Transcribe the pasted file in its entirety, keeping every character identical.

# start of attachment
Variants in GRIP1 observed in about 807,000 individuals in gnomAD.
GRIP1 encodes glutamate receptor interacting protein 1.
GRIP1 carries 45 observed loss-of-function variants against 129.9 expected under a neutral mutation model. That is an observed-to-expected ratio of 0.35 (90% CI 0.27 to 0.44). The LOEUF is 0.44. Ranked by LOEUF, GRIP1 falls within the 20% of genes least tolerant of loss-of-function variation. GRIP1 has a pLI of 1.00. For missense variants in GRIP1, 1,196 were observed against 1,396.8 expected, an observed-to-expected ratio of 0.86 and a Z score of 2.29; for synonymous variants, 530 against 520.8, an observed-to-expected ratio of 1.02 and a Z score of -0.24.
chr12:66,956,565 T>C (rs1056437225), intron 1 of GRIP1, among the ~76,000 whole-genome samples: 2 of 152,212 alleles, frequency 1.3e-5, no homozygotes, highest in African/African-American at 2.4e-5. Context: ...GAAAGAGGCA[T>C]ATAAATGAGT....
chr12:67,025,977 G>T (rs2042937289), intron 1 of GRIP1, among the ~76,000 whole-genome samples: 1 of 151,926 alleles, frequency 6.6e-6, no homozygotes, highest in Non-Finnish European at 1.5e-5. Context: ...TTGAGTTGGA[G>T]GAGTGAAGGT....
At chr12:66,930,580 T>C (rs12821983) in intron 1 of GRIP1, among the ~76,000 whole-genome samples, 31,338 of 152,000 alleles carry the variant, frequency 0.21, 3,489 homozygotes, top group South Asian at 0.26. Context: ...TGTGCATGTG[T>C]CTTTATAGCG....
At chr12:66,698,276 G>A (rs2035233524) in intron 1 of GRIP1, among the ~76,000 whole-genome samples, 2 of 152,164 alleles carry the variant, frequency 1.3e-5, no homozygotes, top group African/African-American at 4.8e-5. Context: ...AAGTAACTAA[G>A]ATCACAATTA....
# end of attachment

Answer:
Variants in GRIP1 observed in about 807,000 individuals in gnomAD.
GRIP1 encodes glutamate receptor interacting protein 1.
GRIP1 carries 45 observed loss-of-function variants against 129.9 expected under a neutral mutation model. That is an observed-to-expected ratio of 0.35 (90% CI 0.27 to 0.44). The LOEUF is 0.44. Ranked by LOEUF, GRIP1 falls within the 20% of genes least tolerant of loss-of-function variation. GRIP1 has a pLI of 1.00. For missense variants in GRIP1, 1,196 were observed against 1,396.8 expected, an observed-to-expected ratio of 0.86 and a Z score of 2.29; for synonymous variants, 530 against 520.8, an observed-to-expected ratio of 1.02 and a Z score of -0.24.
chr12:66,956,565 T>C (rs1056437225), intron 1 of GRIP1, among the ~76,000 whole-genome samples: 2 of 152,212 alleles, frequency 1.3e-5, no homozygotes, highest in African/African-American at 2.4e-5. Context: ...GAAAGAGGCA[T>C]ATAAATGAGT....
chr12:67,025,977 G>T (rs2042937289), intron 1 of GRIP1, among the ~76,000 whole-genome samples: 1 of 151,926 alleles, frequency 6.6e-6, no homozygotes, highest in Non-Finnish European at 1.5e-5. Context: ...TTGAGTTGGA[G>T]GAGTGAAGGT....
At chr12:66,930,580 T>C (rs12821983) in intron 1 of GRIP1, among the ~76,000 whole-genome samples, 31,338 of 152,000 alleles carry the variant, frequency 0.21, 3,489 homozygotes, top group South Asian at 0.26. Context: ...TGTGCATGTG[T>C]CTTTATAGCG....
At chr12:66,698,276 G>A (rs2035233524) in intron 1 of GRIP1, among the ~76,000 whole-genome samples, 2 of 152,164 alleles carry the variant, frequency 1.3e-5, no homozygotes, top group African/African-American at 4.8e-5. Context: ...AAGTAACTAA[G>A]ATCACAATTA....